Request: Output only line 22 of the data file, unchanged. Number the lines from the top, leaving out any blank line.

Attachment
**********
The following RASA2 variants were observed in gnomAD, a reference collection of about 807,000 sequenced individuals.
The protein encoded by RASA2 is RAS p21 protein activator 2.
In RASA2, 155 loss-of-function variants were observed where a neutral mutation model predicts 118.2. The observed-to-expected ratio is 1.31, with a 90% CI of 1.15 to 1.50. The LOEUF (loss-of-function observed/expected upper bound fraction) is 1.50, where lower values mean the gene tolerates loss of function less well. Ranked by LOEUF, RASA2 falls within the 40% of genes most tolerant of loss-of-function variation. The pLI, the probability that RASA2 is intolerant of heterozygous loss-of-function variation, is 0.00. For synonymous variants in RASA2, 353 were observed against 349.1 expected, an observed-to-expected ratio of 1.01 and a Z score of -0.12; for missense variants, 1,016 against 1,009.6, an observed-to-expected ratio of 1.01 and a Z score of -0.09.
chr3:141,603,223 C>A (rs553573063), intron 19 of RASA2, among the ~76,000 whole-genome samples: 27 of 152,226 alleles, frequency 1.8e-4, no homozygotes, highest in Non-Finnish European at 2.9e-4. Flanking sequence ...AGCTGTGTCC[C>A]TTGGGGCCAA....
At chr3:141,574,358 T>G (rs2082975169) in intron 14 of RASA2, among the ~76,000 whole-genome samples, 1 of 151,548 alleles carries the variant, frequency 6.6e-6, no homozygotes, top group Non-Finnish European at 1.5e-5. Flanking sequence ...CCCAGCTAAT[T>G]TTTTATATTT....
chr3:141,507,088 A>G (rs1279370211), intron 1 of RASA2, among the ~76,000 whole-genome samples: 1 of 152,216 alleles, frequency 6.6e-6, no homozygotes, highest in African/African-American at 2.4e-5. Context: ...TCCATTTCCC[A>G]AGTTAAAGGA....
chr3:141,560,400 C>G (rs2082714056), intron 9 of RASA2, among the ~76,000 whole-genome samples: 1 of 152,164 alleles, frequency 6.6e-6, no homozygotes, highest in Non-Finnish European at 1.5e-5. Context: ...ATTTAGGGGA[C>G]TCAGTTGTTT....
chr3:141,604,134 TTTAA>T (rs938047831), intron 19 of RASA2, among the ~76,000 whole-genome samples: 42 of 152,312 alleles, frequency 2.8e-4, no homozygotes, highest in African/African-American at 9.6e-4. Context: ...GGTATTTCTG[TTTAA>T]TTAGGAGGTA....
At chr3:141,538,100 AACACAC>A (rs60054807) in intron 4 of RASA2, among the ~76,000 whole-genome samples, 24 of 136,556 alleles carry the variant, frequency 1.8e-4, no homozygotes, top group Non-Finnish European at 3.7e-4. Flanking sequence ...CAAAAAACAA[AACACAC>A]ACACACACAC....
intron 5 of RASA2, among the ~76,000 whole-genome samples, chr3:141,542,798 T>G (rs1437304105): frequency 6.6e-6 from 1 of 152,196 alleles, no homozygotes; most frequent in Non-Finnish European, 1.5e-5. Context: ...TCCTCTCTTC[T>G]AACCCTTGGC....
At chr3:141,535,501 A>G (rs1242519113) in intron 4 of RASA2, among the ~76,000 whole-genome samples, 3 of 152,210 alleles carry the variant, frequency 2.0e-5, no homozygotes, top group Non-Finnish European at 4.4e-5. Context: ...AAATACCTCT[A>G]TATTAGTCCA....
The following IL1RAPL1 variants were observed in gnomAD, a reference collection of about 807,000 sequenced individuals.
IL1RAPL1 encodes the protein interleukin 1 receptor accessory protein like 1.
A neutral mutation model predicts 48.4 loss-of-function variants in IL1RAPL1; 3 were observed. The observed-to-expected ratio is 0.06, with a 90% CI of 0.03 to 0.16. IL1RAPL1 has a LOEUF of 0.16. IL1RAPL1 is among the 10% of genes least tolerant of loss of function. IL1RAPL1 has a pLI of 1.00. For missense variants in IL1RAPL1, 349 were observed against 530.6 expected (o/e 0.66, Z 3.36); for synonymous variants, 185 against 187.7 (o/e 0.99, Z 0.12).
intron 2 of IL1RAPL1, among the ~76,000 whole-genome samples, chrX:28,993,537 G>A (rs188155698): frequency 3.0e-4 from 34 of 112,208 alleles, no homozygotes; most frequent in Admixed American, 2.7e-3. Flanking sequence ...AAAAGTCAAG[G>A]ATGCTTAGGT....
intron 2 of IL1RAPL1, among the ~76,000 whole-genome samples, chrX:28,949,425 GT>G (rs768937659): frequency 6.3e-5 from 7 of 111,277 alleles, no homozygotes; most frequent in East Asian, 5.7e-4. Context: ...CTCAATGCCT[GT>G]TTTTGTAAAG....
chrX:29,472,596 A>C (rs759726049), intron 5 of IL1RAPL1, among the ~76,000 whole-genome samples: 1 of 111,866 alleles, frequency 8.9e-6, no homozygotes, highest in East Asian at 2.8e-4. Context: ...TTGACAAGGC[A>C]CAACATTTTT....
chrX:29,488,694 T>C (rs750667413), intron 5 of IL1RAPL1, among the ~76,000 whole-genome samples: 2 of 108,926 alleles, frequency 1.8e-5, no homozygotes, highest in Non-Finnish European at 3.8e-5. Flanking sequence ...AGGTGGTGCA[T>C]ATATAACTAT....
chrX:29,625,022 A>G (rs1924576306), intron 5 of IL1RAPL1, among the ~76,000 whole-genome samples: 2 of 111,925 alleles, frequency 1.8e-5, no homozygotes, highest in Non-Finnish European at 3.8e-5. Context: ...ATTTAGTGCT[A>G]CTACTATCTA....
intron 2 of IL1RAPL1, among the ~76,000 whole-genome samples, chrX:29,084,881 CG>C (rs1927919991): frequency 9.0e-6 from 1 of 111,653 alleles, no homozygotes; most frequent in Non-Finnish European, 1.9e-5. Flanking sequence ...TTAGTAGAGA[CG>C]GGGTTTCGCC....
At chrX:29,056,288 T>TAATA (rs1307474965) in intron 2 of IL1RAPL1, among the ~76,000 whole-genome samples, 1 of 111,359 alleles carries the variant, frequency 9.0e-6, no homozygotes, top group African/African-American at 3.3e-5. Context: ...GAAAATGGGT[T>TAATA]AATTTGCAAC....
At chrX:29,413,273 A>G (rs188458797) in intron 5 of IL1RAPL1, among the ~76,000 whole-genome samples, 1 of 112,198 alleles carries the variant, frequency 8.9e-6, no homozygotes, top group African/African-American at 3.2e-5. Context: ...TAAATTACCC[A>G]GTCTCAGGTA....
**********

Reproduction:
At chrX:29,413,273 A>G (rs188458797) in intron 5 of IL1RAPL1, among the ~76,000 whole-genome samples, 1 of 112,198 alleles carries the variant, frequency 8.9e-6, no homozygotes, top group African/African-American at 3.2e-5. Context: ...TAAATTACCC[A>G]GTCTCAGGTA....